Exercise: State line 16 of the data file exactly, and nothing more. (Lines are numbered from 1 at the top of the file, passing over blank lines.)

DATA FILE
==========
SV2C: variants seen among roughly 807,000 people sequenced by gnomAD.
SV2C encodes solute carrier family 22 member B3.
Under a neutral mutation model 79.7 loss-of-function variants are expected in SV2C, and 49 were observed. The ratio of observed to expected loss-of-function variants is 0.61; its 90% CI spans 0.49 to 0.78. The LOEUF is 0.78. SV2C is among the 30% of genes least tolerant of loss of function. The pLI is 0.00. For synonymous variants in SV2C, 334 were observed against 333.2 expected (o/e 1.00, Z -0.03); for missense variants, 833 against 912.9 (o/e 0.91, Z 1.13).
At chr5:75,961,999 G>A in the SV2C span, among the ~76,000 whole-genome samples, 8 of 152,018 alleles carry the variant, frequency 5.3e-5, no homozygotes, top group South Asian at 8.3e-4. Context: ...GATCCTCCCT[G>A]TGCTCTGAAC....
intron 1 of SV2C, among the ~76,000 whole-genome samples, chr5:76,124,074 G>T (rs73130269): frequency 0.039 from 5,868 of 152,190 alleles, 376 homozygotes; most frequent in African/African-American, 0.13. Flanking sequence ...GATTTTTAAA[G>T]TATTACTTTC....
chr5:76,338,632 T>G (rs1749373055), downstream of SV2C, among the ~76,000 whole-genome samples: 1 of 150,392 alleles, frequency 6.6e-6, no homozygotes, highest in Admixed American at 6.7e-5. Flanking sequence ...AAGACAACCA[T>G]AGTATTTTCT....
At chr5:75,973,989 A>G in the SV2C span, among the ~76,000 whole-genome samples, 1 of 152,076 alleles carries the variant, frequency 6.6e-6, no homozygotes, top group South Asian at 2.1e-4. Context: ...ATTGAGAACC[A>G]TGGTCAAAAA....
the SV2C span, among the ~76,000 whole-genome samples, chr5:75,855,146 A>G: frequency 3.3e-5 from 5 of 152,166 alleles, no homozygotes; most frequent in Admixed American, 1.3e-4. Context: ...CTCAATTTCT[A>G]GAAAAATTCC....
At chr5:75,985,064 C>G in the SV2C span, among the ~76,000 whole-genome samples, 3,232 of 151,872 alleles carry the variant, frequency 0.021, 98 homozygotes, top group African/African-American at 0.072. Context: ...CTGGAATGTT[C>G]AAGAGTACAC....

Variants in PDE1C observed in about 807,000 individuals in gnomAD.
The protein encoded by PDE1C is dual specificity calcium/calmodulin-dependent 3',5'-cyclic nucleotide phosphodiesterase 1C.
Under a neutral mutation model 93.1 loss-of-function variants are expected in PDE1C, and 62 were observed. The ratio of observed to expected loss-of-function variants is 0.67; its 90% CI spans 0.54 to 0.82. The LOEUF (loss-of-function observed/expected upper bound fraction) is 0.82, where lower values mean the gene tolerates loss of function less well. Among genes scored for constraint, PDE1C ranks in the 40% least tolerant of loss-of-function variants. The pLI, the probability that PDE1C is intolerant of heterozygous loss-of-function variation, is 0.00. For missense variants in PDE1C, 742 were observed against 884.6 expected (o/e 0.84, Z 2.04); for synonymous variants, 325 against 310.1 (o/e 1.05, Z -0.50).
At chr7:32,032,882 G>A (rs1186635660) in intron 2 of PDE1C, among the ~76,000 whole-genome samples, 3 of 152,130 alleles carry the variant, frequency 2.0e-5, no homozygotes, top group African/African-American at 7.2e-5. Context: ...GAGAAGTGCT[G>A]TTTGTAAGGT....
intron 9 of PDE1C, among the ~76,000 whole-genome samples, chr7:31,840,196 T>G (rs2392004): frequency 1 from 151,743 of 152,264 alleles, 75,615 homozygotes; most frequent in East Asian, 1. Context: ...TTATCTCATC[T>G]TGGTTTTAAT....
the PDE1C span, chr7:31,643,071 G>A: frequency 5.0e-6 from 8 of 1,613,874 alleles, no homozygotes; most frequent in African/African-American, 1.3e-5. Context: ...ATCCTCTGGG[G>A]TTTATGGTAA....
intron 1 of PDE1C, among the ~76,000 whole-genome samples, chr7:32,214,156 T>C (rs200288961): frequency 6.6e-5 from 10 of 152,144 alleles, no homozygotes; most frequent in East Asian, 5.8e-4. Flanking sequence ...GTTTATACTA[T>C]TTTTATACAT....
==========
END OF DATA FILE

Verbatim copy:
intron 1 of PDE1C, among the ~76,000 whole-genome samples, chr7:32,214,156 T>C (rs200288961): frequency 6.6e-5 from 10 of 152,144 alleles, no homozygotes; most frequent in East Asian, 5.8e-4. Flanking sequence ...GTTTATACTA[T>C]TTTTATACAT....